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The Genesis of an Early Stored-Program Computer: CSIRAC
April-June 1984 (vol. 6 no. 2)
pp. 106-115

One of the earliest vacuum-tube stored-program computers (CSIRAC) was developed in 1947-1951 under the auspices of the Australian Council for Scientific and Industrial Research. The word length was 20 bits, and storage consisted of about 1000 words in mercury delay lines and about 4000 words on a magnetic disk. Its execution rate approached 1000 instructions per second. The computer was notable for its logical design, which made programming easy and led to economic use of the limited storage. A multiplier was incorporated, and various single-word and single-bit registers were used to assist in relative addressing, subroutine linking, reentrant programming, and decision making. Input was from paper tape and output to paper tape and a modified teletypewriter.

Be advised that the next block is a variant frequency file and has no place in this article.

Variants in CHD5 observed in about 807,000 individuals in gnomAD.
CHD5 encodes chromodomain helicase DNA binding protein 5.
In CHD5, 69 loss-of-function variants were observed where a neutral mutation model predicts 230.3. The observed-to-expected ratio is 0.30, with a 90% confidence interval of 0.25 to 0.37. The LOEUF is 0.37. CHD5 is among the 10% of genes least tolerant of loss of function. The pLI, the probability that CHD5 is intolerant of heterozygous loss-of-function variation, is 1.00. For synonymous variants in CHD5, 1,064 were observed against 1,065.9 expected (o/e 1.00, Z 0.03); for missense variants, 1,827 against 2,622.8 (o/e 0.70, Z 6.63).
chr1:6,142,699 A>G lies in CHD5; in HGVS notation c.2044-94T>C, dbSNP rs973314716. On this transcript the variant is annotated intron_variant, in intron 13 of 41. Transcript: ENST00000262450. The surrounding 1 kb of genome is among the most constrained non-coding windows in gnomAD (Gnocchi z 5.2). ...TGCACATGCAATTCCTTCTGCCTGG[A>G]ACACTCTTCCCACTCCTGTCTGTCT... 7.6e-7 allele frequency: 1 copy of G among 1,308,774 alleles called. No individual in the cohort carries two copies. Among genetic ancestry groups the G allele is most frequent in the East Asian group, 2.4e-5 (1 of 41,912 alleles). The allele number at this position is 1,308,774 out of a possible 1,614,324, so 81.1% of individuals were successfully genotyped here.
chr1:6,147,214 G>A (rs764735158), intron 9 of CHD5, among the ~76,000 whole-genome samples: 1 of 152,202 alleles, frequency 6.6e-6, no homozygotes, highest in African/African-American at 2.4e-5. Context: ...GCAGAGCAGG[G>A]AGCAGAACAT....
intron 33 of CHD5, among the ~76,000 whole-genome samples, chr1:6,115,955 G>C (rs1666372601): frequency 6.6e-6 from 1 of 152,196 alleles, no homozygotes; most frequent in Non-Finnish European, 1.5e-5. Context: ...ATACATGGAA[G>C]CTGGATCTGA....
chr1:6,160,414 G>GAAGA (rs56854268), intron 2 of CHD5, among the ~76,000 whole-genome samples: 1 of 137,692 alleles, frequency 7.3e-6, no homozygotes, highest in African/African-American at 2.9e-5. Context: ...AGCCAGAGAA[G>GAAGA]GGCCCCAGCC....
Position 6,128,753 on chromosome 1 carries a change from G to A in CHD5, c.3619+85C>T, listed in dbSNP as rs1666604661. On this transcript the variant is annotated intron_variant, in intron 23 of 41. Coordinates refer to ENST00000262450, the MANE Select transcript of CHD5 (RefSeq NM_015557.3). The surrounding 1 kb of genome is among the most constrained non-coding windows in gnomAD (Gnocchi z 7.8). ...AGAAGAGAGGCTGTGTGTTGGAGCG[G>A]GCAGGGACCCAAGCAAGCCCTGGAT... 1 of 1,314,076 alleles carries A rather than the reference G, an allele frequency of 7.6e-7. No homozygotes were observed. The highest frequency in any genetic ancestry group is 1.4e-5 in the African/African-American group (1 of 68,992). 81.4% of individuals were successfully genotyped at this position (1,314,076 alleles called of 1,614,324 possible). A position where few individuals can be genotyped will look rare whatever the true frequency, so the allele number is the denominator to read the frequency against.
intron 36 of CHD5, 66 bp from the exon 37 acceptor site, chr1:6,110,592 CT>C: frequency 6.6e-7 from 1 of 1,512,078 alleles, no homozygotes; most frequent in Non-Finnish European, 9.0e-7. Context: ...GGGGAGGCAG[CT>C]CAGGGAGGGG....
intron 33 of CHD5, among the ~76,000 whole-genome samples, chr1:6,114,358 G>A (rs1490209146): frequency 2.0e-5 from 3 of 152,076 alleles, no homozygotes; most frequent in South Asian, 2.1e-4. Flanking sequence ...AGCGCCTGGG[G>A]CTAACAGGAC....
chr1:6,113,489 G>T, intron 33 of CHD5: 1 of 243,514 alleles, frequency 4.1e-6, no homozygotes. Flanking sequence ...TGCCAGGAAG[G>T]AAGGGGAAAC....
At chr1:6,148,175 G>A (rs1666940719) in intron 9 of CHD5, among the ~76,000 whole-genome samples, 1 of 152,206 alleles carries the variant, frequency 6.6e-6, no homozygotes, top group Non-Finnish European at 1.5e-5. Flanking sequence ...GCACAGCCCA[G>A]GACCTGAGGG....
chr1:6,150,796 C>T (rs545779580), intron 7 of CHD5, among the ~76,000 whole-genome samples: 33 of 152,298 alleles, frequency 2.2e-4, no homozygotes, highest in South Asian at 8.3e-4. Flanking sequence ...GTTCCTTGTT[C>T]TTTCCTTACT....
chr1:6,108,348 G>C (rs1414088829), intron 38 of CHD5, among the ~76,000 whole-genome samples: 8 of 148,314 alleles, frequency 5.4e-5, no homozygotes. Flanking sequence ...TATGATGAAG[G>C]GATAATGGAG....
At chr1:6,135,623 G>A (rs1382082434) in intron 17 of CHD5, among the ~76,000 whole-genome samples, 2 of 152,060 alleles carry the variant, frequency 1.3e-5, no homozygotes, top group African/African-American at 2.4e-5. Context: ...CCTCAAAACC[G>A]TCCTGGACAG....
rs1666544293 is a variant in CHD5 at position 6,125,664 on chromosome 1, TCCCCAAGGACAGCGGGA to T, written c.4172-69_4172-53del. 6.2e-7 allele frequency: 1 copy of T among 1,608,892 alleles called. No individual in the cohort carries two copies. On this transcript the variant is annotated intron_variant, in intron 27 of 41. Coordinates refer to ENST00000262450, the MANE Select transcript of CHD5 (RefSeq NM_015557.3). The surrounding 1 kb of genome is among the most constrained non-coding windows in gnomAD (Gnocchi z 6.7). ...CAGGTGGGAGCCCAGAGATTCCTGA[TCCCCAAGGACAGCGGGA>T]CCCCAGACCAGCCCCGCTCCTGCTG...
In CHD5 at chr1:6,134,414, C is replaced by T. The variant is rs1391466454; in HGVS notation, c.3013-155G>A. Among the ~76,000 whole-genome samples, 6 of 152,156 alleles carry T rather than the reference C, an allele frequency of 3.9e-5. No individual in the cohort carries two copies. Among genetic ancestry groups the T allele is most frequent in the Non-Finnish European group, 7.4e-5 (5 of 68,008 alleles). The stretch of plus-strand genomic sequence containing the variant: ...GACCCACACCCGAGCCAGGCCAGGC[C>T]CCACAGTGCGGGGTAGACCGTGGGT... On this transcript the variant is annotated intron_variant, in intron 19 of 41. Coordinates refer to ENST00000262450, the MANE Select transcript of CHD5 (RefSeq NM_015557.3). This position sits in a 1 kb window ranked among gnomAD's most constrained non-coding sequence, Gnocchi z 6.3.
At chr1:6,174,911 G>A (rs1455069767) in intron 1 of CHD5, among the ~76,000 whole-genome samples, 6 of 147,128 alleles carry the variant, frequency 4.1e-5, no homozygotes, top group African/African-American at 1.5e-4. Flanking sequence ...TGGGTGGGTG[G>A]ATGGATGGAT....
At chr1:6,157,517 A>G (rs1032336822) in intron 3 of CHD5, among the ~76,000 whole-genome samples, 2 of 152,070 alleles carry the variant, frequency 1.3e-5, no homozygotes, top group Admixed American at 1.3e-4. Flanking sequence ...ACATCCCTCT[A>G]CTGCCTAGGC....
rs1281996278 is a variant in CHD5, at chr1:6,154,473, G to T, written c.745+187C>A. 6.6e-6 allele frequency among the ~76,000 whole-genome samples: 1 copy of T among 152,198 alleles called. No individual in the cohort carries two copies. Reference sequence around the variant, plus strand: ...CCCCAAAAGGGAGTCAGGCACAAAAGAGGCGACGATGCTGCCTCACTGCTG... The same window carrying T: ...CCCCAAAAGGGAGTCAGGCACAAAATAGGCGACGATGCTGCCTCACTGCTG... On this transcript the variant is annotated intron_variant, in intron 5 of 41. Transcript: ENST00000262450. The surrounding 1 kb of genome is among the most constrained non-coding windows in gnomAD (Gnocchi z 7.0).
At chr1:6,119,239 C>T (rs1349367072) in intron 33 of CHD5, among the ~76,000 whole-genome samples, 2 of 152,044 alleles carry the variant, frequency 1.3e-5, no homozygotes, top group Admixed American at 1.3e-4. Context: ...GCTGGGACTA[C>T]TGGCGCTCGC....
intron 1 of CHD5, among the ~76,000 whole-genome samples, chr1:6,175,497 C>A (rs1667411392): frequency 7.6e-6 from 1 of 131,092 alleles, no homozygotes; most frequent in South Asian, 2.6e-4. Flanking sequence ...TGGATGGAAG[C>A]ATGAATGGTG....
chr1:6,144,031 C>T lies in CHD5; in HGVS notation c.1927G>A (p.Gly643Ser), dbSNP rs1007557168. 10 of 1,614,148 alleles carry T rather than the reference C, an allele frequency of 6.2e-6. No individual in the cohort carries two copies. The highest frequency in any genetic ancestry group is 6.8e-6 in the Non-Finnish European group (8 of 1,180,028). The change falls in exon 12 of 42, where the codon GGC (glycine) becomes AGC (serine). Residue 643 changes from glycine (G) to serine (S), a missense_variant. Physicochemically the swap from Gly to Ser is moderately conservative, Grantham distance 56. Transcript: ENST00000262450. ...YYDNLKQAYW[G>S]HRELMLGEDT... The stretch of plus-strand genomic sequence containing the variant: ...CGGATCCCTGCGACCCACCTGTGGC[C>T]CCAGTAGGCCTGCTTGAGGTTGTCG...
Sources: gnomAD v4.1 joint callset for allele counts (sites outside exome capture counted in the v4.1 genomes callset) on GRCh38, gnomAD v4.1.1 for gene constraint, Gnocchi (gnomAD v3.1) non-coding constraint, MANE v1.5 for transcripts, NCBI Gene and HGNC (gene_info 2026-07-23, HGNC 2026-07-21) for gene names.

Citation:
M. Beard, T. Pearcey, "The Genesis of an Early Stored-Program Computer: CSIRAC," IEEE Annals of the History of Computing, vol. 6, no. 2, pp. 106-115, April-June 1984, doi:10.1109/MAHC.1984.10014
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